Indiana Negligence Laws

Created by FindLaw's team of legal writers and editors.

Maybe your neighbor never shovels his sidewalk and you finally slipped on the ice. Or maybe someone rear-ended you on I-465. Either way, if you’ve been injured because of another person’s lack of care, you may be asking yourself if you have a valid negligence claim. But how do these claims work, and are there state laws regarding how much you can recover for your injuries? This article is a brief overview of negligence laws in Indiana.

General Negligence Law: Background

Legal negligence refers to a situation where one person owes a duty to another and fails in that duty, becoming liable for any resulting injuries. A person speeding on the interstate, for example, who collides with another car, might be held liable for negligence. The elements of a negligence case are:

  1. The defendant owed a duty to the plaintiff;
  2. The defendant breached this duty;
  3. But for the defendant's action (or failure to act), the plaintiff wouldn't have suffered the injury;
  4. The defendant's action (or failure to act) was the proximate cause of the injury, and the defendant could have foreseen this; and
  5. The plaintiff suffered damages.

Indiana’s negligence laws recognize what is called “contributory” negligence, in which the plaintiff is partially at fault for his or her own injuries. In the above example, if the person whose car was hit failed to signal before changing into the speeder’s lane, they might be found partially responsible for the accident, limiting the amount they could recover.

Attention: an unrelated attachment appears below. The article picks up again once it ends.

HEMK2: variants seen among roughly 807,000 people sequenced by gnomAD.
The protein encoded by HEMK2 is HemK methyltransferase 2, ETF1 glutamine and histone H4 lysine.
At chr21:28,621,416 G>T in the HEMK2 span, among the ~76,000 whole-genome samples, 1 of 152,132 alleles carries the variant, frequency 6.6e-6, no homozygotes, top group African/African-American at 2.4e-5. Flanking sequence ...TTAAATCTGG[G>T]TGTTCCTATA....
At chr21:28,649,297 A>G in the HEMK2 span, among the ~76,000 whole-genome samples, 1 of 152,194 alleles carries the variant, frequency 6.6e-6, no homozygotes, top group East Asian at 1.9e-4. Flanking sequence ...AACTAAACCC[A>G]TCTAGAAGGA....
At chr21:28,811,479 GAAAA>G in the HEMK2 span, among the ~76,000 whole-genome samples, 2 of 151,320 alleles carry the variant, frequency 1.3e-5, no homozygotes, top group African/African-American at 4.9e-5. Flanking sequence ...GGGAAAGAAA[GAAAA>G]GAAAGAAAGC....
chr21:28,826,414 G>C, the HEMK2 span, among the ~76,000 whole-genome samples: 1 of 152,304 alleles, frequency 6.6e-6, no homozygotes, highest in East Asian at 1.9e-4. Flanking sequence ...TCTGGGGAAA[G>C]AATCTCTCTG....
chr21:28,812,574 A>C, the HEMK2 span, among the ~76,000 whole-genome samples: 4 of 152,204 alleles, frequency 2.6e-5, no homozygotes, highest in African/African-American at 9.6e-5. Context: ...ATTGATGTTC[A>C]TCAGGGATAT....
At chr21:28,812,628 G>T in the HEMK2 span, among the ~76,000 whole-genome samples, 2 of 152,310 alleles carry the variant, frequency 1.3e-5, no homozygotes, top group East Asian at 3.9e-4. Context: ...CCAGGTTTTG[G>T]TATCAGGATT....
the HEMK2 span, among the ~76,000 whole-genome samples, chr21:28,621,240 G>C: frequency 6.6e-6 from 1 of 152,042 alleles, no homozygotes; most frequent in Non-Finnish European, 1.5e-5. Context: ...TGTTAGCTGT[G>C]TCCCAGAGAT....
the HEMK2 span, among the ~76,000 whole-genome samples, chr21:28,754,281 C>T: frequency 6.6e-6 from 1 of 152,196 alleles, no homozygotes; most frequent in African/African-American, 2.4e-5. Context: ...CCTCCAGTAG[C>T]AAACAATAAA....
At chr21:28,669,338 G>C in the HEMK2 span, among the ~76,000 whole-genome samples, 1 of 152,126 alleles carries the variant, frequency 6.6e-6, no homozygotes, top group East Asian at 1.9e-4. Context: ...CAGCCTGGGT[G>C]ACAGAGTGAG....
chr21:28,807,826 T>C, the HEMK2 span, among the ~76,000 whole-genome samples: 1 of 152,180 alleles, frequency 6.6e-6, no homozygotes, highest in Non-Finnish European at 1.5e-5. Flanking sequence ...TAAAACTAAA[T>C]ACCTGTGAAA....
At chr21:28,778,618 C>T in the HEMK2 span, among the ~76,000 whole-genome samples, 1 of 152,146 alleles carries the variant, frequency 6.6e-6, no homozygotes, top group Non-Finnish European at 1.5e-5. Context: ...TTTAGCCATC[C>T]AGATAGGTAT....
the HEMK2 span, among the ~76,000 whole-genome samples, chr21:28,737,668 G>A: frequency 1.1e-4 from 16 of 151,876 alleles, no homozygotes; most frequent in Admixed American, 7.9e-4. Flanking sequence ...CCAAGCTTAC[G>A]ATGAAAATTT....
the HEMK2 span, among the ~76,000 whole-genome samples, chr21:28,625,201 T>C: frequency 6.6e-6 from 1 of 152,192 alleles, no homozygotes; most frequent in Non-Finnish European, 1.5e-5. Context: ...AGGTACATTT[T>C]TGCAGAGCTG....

Indiana Negligence Laws: An Overview

Protecting your rights shouldn't involve a difficult exercise in deciphering legalese. While it's always a good idea to consult with an attorney, we believe it's best to understand the law for yourself. A plain-English summary of Indiana negligence law is highlighted in the table below.

Statutes

Indiana Code Title 34, Section 51-2-5, et seq.

Contributory/Comparative Negligence Recognized?

Indiana applies the legal theory of modified comparative negligence. Also known as the "51% fault" system, the plaintiff must be less than 51% at fault for the incident to file an injury claim.

Courts reduce recovery in proportion to each party's contribution to negligence.

Contribution Among Tortfeasors

The state's Comparative Fault Act and common law both prohibit contribution among tortfeasors.

Uniform Act?

No.

Time Limit for Filing Claim

2 years (Indiana Civil Statute of Limitations) for personal injury and injury to personal property claims.

Note: State laws are always subject to change through the passage of new legislation, rulings in the higher courts (including federal decisions), ballot initiatives, and other means. While we strive to provide the most current information available, please consult an attorney or conduct your own legal research to verify the state law(s) you are researching.

Research the Law

  • Indiana Code - FindLaw's hosted version of the Indiana Code and Constitution.
  • Indiana Laws - FindLaw's summaries of select Indiana laws, including criminal, injury, employment, family, and small business laws.

Indiana Negligence Laws: Related Resources

Need to File an Indiana Negligence Claim? An Attorney Can Help

Accidents happen. But when it's someone else's fault and you're suffering injuries -- and those injuries result in lost wages, hospital bills, or intangible pain and suffering -- you have the right to seek compensation. Learn more about your rights under Indiana negligence laws and get help with your claim by contacting an experienced Indiana injury attorney near you today.

Next Steps: Search for a Local Attorney

Contact a qualified attorney.